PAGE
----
Thirteen University of Iowa Football Players Hospitalized

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Thirteen University of Iowa football players remain hospitalized after becoming ill with what the university says is a little-known muscle syndrome called rhabdomyolysis. Rhabdomyolysis occurs when muscle is destroyed and the pigment in it that makes it red, called myoglobin, gets into the kidneys and can damage them.

At a press conference on Wednesday, a spokesman said it's unclear how the students developed the condition.

"The causes of rhabdomyolysis are extensive. There may be a hundred different causes for this problem," said Dr. John Stokes, director of Division of Nephrology at the University of Iowa. He is not involved in the care of the players. "When it occurs in young, otherwise healthy individuals, one of the common scenarios we look for is a recent exercise."

Stokes said that it's unusual for so many people with different body types and genetic predispositions to come down with rhabdomyolysis at once. Although it attacks the kidneys, the condition almost always goes away.

"It does appear to be a little unusual, but apparently the common denominator for each of these individuals had to do with the fact that they were undergoing a workout, a heavy exercise program, and heavy exercise is known to produce this syndrome," he said.

Paul Federici, the director of football operations at the University of Iowa, said at the press conference he didn't know the exact structure of players' workouts, but said there were breaks and also plenty of water available.

When asked whether players may have been taking dietary supplements, some of which can cause rhabdomyolysis, Federici said he didn't know if they were taking any, and if they were, they are only allowed to consume substances that meet NCAA compliance. Rhabdomyolysis can be also caused by certain medications, such as statins to lower cholesterol.

Biff Poggi, the father of one of the players, said his son experienced a lot of soreness, but is doing better. He said his son complained of pain on subsequent days after different workouts, at least one of which included a lot of squats. As a father, he said he's concerned about his son and his training, but he's also a football coach and said the workouts don't seem unusual to him.

"This time of year if you're a football player is the time where you're doing the most kind of strenuous work, kind of preparing for spring practice," Poggi said. "These kind of workouts would happen."

Majority of People Recover From Rhabdomyolysis

Experts say rhabdomyolysis can occur after extremely strenous exercise or after some sort of crushing injury that causes muscle to die.

"When you exercise, the muscles secrete potassium to help blood flow to those muscles to help get them the oxygen that you need," said Kate Mone, a sports nutritionist at the Cleveland Clinic. "Now, if you're doing continuous, repetitive bouts of exercise strenuously, your muscles are going to deplete that potassium. There won't be as much blood flow to those muscles and those muscles are going to begin to break down."

Although the myoglobin that's released after muscle death can cause kidney damage, rhabdomyolysis rarely leads to death or lifelong complications.

"Most people will recover no matter what, even if kidney damage is so severe that they need dialysis," said Dr. Lewis Teperman, director of transplantation at NYU Langone Medical Center in New York.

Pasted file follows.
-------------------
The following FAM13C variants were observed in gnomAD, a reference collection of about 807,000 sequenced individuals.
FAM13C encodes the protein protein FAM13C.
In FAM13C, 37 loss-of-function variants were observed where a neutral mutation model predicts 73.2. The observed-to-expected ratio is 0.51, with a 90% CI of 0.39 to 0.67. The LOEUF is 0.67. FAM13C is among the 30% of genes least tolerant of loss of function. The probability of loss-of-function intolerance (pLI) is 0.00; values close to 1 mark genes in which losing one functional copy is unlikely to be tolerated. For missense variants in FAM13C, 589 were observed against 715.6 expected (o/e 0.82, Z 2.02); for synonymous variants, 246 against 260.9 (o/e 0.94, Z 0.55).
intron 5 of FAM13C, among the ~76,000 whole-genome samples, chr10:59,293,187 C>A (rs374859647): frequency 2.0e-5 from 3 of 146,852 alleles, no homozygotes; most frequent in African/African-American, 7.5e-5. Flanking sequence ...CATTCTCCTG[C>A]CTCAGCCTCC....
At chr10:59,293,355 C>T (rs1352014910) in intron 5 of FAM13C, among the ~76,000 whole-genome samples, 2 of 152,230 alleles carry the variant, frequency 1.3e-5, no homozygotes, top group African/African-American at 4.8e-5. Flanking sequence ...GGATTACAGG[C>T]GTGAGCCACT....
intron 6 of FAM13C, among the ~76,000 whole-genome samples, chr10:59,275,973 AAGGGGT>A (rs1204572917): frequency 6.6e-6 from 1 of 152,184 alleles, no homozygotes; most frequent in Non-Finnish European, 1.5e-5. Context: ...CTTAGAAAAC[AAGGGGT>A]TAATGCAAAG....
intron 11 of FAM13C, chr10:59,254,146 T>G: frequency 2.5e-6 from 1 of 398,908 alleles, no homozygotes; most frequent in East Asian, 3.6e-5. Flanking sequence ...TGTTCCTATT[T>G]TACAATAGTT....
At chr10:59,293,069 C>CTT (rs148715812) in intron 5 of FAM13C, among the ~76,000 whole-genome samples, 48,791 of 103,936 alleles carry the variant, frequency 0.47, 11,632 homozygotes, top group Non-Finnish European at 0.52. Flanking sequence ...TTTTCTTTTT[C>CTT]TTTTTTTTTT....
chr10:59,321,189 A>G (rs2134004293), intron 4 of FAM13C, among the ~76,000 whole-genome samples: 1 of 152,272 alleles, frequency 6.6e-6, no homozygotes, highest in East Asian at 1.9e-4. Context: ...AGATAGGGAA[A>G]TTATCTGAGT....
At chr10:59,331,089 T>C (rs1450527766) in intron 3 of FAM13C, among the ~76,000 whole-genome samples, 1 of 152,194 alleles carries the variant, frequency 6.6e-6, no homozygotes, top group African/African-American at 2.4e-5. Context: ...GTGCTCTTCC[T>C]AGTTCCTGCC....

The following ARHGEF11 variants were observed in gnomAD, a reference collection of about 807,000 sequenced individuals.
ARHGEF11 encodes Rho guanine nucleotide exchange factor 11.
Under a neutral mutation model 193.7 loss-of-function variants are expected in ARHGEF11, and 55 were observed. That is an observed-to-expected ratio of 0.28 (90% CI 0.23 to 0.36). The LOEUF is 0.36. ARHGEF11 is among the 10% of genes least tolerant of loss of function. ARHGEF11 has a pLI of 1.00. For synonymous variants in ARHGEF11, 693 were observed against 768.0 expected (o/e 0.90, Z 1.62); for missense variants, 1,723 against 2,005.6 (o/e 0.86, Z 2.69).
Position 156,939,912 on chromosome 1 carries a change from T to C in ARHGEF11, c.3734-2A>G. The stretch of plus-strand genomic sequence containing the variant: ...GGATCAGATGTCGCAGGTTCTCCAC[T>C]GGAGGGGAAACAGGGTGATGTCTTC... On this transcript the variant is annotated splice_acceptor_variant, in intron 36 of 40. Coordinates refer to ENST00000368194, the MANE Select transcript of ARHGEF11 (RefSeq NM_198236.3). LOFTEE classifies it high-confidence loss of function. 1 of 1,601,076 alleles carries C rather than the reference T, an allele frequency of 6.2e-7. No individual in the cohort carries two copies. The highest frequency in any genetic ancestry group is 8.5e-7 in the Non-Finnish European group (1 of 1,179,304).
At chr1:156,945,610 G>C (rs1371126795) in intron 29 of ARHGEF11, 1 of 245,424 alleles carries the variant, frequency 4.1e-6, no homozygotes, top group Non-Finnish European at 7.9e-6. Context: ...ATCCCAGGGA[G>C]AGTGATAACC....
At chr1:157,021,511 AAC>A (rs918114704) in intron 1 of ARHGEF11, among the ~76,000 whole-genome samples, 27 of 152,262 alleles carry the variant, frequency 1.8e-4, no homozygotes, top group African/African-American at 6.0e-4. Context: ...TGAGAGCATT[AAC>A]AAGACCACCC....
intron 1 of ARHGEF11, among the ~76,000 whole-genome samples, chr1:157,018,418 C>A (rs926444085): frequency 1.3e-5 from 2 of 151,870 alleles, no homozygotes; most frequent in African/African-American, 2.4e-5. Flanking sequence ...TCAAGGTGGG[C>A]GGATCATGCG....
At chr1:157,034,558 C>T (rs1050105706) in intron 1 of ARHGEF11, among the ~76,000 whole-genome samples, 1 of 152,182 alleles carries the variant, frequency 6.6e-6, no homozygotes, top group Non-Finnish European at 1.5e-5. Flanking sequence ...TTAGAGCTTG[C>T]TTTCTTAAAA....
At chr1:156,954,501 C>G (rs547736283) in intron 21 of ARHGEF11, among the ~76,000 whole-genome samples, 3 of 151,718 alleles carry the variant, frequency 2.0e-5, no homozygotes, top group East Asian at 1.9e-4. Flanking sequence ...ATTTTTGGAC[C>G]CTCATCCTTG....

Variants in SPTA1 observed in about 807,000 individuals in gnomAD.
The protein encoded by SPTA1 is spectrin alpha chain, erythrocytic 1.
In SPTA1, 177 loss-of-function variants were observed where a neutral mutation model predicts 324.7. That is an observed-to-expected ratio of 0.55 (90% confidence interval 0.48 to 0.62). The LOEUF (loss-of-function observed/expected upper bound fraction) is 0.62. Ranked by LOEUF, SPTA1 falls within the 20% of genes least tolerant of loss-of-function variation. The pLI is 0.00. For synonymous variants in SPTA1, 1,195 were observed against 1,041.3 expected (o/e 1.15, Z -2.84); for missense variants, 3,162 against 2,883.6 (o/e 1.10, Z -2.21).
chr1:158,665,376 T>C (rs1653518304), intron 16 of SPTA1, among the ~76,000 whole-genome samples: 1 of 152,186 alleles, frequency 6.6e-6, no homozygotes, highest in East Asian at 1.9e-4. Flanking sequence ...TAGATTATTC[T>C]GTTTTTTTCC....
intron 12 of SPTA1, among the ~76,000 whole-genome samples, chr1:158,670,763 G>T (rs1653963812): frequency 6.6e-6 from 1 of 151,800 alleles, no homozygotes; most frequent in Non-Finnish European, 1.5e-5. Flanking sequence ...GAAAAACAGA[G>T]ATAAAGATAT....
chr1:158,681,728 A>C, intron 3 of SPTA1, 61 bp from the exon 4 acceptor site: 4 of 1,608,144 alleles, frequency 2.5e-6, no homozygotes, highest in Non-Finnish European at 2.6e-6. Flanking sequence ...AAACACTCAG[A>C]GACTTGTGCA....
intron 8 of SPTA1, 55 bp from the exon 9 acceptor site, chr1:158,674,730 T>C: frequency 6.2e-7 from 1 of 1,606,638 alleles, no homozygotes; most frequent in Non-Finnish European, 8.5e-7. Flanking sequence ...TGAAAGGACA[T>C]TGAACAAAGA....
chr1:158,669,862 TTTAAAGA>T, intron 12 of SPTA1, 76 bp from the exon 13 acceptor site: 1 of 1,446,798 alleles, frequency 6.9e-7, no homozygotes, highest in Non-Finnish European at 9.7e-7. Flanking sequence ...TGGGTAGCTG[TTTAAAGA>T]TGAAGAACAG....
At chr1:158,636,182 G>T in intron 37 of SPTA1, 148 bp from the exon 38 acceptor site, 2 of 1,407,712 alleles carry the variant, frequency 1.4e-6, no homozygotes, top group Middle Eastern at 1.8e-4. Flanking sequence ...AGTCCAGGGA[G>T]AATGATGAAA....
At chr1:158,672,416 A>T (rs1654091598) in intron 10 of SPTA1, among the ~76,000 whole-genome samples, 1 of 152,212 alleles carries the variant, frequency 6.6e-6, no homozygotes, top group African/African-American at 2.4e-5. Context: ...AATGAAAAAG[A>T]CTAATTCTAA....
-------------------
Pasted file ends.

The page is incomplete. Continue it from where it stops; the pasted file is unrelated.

"It's treated early on by flushing the system with lots of fluid, and then people will alkalinize the urine and make it basic so deposits don't hurt the kidney as much," said Teperman.

While heavy exercise and trauma can lead to the condition, some medications can also cause it in a small number of people.

"High doses of drugs like statins are associated with this problem, especially among people with diabetes, or people who are organ transplant patients that take medications that interact in a way that increse the risks of getting rhabdomyolysis," said Dr. Bryan Becker, a spokesperson for the National Kidney Foundation.

Condition Can Be Mistaken For Other Illnesses

Experts say the condition is neither common nor uncommon. They see cases of it every year, but more often in the summer because lots of strenuous exercise in the heat.

Symptoms include extremely sore muscles and tea-colored urine. It can sometimes be mistaken for other illnesses that cause muscle aches, such as the flu. A blood test is generally the only way to distinguish rhabdomyolysis from other conditions.

Specialists strongly recommend getting enough hydration before, during and after workouts. Athletes should also take adequate breaks during training. They should also eat certain types of foods.

"A peanut butter and jelly sandwich, [or] a regular granola bar with a little bit of milk or cereal and milk, just before exercise. Or even just a handful of peanuts or pretzels., that would be fine," said Mone. "And after a workout, again, within 30 minutes of that workout you should refuel appropriately with something like chocolate milk or a balanced meal that's going to have carbohydrate, protein, and fat."

Federici said workouts have resumed for the other players, but he said he's not sure if the training regimen will change.

The Iowa Board of Regents, the governing body for five public education institutions including the University of Iowa, requested a 90-day investigation what caused the illnesses.

"The primary aim of this analysis will be to identify, to the extent possible, the root causes of this incident in order to create and implement effective preventative measures to ensure this does not happen in the future," the board said in a statement.